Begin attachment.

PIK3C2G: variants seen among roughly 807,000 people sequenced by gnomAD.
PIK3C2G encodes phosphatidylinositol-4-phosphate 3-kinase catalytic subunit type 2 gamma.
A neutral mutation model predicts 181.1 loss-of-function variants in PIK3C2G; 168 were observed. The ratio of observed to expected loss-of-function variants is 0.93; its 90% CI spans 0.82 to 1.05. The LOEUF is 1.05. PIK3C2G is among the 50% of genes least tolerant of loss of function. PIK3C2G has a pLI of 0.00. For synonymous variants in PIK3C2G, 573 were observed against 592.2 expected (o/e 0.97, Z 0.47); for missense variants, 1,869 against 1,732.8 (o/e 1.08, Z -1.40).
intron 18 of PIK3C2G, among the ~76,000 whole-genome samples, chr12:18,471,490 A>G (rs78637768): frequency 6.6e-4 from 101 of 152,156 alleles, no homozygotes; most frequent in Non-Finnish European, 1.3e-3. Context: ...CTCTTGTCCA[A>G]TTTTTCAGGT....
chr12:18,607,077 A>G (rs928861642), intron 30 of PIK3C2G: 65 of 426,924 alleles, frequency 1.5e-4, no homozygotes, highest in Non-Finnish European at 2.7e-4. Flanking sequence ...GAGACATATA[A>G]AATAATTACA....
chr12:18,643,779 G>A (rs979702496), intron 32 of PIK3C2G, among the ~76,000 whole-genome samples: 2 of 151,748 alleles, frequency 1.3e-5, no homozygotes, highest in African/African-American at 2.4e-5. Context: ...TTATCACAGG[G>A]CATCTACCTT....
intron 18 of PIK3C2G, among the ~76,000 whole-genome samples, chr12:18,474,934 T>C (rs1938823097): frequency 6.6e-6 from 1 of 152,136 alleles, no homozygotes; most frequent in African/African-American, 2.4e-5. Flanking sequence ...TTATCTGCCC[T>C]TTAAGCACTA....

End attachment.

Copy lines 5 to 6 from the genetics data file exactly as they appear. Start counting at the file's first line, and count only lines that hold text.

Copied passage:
chr12:18,607,077 A>G (rs928861642), intron 30 of PIK3C2G: 65 of 426,924 alleles, frequency 1.5e-4, no homozygotes, highest in Non-Finnish European at 2.7e-4. Flanking sequence ...GAGACATATA[A>G]AATAATTACA....
chr12:18,643,779 G>A (rs979702496), intron 32 of PIK3C2G, among the ~76,000 whole-genome samples: 2 of 151,748 alleles, frequency 1.3e-5, no homozygotes, highest in African/African-American at 2.4e-5. Context: ...TTATCACAGG[G>A]CATCTACCTT....